2. The "FAQ of the Rings"

    Questions about the Rings of Power arise quite frequently in discussions of Tolkien's work, and it would be difficult to do them all justice in a general FAQ like this one. Because of this, Stan Brown has created a "FAQ of the Rings" addressing many such questions in depth. It can be found at

  3. The Letters FAQ

    Many of the questions that arise in discussions of Tolkien's works are addressed in his letters, collected in The Letters of J.R.R. Tolkien. As it can be difficult to find the letters that relate to a given topic, Mike Brinza has compiled a list of common questions and where to look for their answers. This can be found at

  4. Google's Usenet archive

    The only way to learn the details of all the positions in a debate on the newsgroups is to read the debates themselves. The best Usenet archive currently available is hosted by Google, which contains posts all the way back to the founding of Usenet in the 1980's. Google's advanced newsgroup search page is at

    To search specifically on the Tolkien groups, enter "*tolkien" in the "Newsgroup" field (without the quotes, of course). The main interface on this page is mostly self-explanatory, and should be familiar to anyone who has used a web search engine.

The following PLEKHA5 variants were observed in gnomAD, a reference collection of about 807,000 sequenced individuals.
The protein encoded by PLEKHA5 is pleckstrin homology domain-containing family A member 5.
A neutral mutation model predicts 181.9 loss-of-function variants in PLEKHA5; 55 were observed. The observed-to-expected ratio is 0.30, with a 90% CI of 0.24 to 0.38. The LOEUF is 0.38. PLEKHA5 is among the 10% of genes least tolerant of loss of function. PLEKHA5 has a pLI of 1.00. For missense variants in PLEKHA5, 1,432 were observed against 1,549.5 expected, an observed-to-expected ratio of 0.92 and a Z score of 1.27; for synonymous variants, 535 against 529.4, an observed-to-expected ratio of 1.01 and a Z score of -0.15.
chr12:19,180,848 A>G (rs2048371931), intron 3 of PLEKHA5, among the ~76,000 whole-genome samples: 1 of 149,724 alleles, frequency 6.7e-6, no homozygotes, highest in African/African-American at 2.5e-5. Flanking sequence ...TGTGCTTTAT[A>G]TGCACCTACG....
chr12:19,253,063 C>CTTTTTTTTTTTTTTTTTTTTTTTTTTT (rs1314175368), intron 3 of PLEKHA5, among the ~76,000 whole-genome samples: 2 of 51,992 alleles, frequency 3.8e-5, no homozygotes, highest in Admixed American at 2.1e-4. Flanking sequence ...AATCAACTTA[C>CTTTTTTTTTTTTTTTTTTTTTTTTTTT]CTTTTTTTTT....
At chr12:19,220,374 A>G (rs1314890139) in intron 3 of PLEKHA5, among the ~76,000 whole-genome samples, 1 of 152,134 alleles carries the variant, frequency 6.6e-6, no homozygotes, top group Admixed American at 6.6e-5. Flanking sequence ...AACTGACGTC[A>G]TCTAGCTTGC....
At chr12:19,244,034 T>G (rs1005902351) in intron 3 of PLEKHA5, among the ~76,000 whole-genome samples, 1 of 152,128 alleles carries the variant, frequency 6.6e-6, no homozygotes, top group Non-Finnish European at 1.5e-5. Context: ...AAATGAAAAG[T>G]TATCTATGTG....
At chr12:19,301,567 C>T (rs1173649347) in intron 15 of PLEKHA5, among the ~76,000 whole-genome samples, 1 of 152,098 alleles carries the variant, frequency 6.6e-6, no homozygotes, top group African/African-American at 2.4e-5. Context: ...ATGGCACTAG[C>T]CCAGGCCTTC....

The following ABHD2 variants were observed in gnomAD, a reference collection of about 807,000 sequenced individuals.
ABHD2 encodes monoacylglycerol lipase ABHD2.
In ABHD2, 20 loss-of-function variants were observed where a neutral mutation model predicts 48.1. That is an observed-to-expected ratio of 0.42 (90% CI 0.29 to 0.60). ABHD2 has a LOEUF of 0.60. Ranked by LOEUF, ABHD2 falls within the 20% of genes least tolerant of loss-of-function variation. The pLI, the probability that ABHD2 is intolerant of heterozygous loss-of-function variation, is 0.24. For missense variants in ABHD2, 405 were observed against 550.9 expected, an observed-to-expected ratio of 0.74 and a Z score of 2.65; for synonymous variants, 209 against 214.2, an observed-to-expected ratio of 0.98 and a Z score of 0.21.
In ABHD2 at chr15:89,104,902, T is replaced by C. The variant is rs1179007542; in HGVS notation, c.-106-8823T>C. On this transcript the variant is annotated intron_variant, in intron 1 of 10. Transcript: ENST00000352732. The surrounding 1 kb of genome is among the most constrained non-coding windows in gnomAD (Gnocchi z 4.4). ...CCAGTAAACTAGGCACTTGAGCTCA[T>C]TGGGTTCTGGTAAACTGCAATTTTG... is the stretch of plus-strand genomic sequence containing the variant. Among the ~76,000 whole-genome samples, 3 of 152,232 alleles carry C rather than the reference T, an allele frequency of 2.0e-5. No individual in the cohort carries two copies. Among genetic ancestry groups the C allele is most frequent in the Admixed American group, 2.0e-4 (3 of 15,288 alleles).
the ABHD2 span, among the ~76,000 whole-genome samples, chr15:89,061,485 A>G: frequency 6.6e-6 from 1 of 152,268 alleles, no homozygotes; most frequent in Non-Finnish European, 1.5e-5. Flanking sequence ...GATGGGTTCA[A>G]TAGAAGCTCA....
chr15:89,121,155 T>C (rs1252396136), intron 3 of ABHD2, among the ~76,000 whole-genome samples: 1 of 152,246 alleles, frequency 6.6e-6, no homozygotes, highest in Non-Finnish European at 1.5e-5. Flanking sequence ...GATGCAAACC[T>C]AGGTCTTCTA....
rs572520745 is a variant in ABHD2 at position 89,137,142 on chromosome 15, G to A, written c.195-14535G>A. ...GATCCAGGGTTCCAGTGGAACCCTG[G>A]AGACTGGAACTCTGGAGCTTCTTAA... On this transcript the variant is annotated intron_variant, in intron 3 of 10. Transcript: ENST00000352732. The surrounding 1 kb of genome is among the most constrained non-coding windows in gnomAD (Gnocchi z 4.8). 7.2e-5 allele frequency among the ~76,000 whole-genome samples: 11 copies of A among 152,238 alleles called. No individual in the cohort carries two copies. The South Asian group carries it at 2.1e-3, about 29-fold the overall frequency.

IV. B. Where can I learn more about Tolkien's languages?

One of Tolkien's primary motivations for creating Middle-earth and its history was to provide a home for the languages that he invented. The interest in those languages among his readers has given rise to many books, journals, web sites, and other resources for those who wish to learn them, and we could not even begin to list them here.

Perhaps the best list of such resources can be found at the Elvish Linguistic Fellowship web site:


For actual details regarding the languages themselves, one of the best web sites is Ardalambion, located at


A group of excellent Truetype fonts for writing in Tengwar and Cirth (together with a good introduction to using those alphabets) can be found at Dan Smith's Fantasy Fonts for Windows page: